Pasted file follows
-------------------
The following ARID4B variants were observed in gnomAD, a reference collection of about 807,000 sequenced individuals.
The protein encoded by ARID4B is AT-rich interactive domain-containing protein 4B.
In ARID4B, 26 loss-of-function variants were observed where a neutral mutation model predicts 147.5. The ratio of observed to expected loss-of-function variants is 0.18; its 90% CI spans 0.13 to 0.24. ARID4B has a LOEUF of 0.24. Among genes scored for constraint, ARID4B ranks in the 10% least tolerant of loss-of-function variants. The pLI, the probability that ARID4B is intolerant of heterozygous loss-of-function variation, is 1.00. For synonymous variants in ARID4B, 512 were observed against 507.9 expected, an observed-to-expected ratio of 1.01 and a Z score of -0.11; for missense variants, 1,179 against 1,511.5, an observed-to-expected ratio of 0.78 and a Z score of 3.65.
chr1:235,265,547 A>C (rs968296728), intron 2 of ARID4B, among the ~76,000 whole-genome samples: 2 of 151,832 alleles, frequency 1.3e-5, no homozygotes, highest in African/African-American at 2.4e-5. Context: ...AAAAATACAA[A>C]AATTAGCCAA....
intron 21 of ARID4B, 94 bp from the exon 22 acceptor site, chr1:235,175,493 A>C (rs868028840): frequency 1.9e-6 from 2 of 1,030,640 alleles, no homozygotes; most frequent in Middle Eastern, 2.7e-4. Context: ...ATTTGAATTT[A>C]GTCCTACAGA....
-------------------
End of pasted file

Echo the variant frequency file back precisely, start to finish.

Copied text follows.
The following ARID4B variants were observed in gnomAD, a reference collection of about 807,000 sequenced individuals.
The protein encoded by ARID4B is AT-rich interactive domain-containing protein 4B.
In ARID4B, 26 loss-of-function variants were observed where a neutral mutation model predicts 147.5. The ratio of observed to expected loss-of-function variants is 0.18; its 90% CI spans 0.13 to 0.24. ARID4B has a LOEUF of 0.24. Among genes scored for constraint, ARID4B ranks in the 10% least tolerant of loss-of-function variants. The pLI, the probability that ARID4B is intolerant of heterozygous loss-of-function variation, is 1.00. For synonymous variants in ARID4B, 512 were observed against 507.9 expected, an observed-to-expected ratio of 1.01 and a Z score of -0.11; for missense variants, 1,179 against 1,511.5, an observed-to-expected ratio of 0.78 and a Z score of 3.65.
chr1:235,265,547 A>C (rs968296728), intron 2 of ARID4B, among the ~76,000 whole-genome samples: 2 of 151,832 alleles, frequency 1.3e-5, no homozygotes, highest in African/African-American at 2.4e-5. Context: ...AAAAATACAA[A>C]AATTAGCCAA....
intron 21 of ARID4B, 94 bp from the exon 22 acceptor site, chr1:235,175,493 A>C (rs868028840): frequency 1.9e-6 from 2 of 1,030,640 alleles, no homozygotes; most frequent in Middle Eastern, 2.7e-4. Context: ...ATTTGAATTT[A>C]GTCCTACAGA....